Well, the bet is that most would, so now project forward: a crop failure in 2020 in large parts of Central Africa, where millions of people with mobile telephones have taken out micro-insurances against crop failure by saving half a cent a day to cover themselves against famine. No more famine in Africa.

That’s the dream, and dreams are becoming realities.

Africa is just one example where peer-to-peer connectivity is driving massive change in how we think about traditional financial services. It’s financial services reinvented for the peer-to-peer age.

Peer-to-peer lending

Bitcoin is another such invention, with the blockchain based on network systems authenticating transactions. We obviously have peer-to-peer lending, where investors can get better returns on their savings by lending, and borrowers can get lower interest rates as a result. Based on software algorithms that minimise credit risk, peer-to-peer connectivity flattens the market.

Now apply this to machine-to-machine structures. There was an idea the other day of self-driving cars forming their own value network and investing a little from each ride they provide to invest in future cars. Soon, Uber becomes a self-driving network of cars owned by cars, paying and transacting and insuring themselves. It sounds ludicrous, but ludicrous ideas become reality. After all, when peer-to-peer lending was launched, it sounded ludicrous. An eBay for loans? This cannot be taken seriously. Well, you bet it’s taken seriously now that this seed of an idea has grown into a multibillion dollar global marketplace.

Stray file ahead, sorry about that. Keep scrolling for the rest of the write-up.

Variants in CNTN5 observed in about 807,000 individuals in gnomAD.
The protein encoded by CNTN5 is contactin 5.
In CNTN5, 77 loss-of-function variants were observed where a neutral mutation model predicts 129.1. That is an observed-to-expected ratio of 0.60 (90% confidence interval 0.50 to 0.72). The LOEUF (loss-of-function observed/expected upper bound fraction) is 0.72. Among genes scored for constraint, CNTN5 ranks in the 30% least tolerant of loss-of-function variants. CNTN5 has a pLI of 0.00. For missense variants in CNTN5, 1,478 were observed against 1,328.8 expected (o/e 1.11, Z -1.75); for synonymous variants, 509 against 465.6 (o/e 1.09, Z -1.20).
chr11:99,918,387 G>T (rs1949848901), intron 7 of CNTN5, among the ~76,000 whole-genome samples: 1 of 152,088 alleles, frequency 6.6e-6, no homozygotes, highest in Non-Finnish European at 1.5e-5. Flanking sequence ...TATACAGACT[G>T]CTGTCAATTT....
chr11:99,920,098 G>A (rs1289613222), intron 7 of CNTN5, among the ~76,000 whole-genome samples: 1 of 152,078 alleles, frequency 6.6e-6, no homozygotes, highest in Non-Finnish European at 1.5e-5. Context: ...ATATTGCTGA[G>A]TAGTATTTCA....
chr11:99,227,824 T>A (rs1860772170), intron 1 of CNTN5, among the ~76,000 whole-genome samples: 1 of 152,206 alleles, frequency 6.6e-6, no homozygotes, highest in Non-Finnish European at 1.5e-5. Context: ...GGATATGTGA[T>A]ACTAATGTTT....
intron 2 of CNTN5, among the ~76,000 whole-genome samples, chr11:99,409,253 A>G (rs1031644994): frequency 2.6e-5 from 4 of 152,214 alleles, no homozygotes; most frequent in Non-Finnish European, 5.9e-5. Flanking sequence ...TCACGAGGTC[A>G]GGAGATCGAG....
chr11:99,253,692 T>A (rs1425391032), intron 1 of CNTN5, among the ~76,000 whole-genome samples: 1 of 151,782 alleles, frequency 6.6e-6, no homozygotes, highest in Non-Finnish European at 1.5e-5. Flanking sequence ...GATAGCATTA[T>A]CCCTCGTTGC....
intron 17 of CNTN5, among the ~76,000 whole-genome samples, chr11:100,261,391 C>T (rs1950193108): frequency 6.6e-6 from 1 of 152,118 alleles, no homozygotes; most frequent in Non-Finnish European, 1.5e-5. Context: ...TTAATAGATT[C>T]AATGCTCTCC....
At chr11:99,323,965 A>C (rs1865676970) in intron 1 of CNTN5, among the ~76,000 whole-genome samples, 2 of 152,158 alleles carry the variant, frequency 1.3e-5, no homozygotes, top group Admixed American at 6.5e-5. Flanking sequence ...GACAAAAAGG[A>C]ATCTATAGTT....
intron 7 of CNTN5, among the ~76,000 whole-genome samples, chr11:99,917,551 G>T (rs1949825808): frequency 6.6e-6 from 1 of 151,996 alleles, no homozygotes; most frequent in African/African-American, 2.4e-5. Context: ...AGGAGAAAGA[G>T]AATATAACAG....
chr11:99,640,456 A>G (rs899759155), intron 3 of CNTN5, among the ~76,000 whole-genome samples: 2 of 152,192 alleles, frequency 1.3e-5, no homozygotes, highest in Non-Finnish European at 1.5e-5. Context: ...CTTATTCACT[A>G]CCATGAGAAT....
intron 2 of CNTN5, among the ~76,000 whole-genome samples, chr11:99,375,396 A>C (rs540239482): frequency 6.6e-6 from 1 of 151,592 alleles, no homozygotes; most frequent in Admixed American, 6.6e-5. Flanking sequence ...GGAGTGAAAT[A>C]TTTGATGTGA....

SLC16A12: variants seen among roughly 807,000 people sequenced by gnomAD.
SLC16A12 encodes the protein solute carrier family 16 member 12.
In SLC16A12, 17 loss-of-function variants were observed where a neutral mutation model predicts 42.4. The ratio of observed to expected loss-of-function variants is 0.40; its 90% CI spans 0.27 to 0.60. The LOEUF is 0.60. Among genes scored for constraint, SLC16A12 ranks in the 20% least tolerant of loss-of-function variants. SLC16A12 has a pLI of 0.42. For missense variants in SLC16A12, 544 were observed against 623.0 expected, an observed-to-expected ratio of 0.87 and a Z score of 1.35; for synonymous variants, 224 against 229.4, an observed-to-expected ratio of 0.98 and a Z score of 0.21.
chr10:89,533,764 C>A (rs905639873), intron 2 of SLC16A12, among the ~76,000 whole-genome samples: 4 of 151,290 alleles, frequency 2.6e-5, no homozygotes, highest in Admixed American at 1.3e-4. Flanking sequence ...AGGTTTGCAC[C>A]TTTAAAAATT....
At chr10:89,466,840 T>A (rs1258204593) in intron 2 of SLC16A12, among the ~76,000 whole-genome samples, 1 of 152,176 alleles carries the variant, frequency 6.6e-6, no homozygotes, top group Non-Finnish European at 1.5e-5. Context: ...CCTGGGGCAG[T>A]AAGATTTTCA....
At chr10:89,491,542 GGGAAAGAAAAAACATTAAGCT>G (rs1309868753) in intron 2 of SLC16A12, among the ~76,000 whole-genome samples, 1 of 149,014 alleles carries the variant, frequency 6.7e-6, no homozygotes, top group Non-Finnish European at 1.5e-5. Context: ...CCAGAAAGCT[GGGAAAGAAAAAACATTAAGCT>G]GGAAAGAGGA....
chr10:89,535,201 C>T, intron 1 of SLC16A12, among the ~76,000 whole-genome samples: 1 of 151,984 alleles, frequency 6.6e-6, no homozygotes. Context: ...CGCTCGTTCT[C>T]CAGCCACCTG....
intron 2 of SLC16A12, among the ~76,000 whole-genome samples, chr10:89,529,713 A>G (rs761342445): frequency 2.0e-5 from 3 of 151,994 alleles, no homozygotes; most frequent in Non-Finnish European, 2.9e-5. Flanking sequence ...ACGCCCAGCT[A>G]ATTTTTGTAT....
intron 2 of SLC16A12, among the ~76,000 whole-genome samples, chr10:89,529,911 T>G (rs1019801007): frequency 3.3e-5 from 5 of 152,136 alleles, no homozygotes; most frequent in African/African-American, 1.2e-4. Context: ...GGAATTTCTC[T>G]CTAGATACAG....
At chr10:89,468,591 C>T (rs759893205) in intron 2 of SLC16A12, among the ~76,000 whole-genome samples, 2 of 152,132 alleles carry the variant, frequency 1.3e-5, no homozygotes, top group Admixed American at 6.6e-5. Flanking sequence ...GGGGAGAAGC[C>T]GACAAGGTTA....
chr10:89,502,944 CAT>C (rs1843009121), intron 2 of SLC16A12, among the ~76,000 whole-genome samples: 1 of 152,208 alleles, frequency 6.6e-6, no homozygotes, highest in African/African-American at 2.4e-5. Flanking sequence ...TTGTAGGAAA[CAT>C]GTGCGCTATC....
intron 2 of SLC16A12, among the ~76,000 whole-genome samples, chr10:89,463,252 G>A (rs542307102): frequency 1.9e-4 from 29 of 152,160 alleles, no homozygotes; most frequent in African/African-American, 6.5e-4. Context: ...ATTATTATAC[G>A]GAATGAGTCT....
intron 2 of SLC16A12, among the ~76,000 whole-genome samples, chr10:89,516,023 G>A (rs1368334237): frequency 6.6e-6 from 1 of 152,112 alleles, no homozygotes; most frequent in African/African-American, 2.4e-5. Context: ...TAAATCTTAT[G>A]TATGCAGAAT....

And soon, this marketplace starts connecting. Alibaba does a deal with Lending Club so that SMEs can buy goods from China in America using a seamless line of credit. SMEs can borrow money via PayPal for free. No interest loans are provided on the basis of driving more transactions from merchants on the PayPal network. Money is made through transacting, not through loans, and PayPal knows who is transacting what through its merchant wallets.

In fact, peer-to-peer structures change the game. It’s why Square, Venmo, Stripe and more exist: because they can create real-time peer-to-peer value exchange through apps, APIs and analytics. By focusing on the platform and the user experience and engagement, the rethinking of value exchange and transactions can be made through simply reimagining what the user is trying to do and working out new ways of doing it.

This is the age of seven billion people being able to transact and connect in real-time for near-free. Are banks imaginative enough to seize the day?

– This article is reproduced with kind permission. Some minor changes have been made to reflect BankNXT style considerations. Read more here. Photo: ohenze,

About the author

Chris Skinner

Chris Skinner is an independent commentator on the financial markets through the Finanser, and chair of the European networking forum the Financial Services Club, which he founded in 2004. He is an author of numerous books covering everything from European regulations in banking through to the credit crisis, to the future of banking.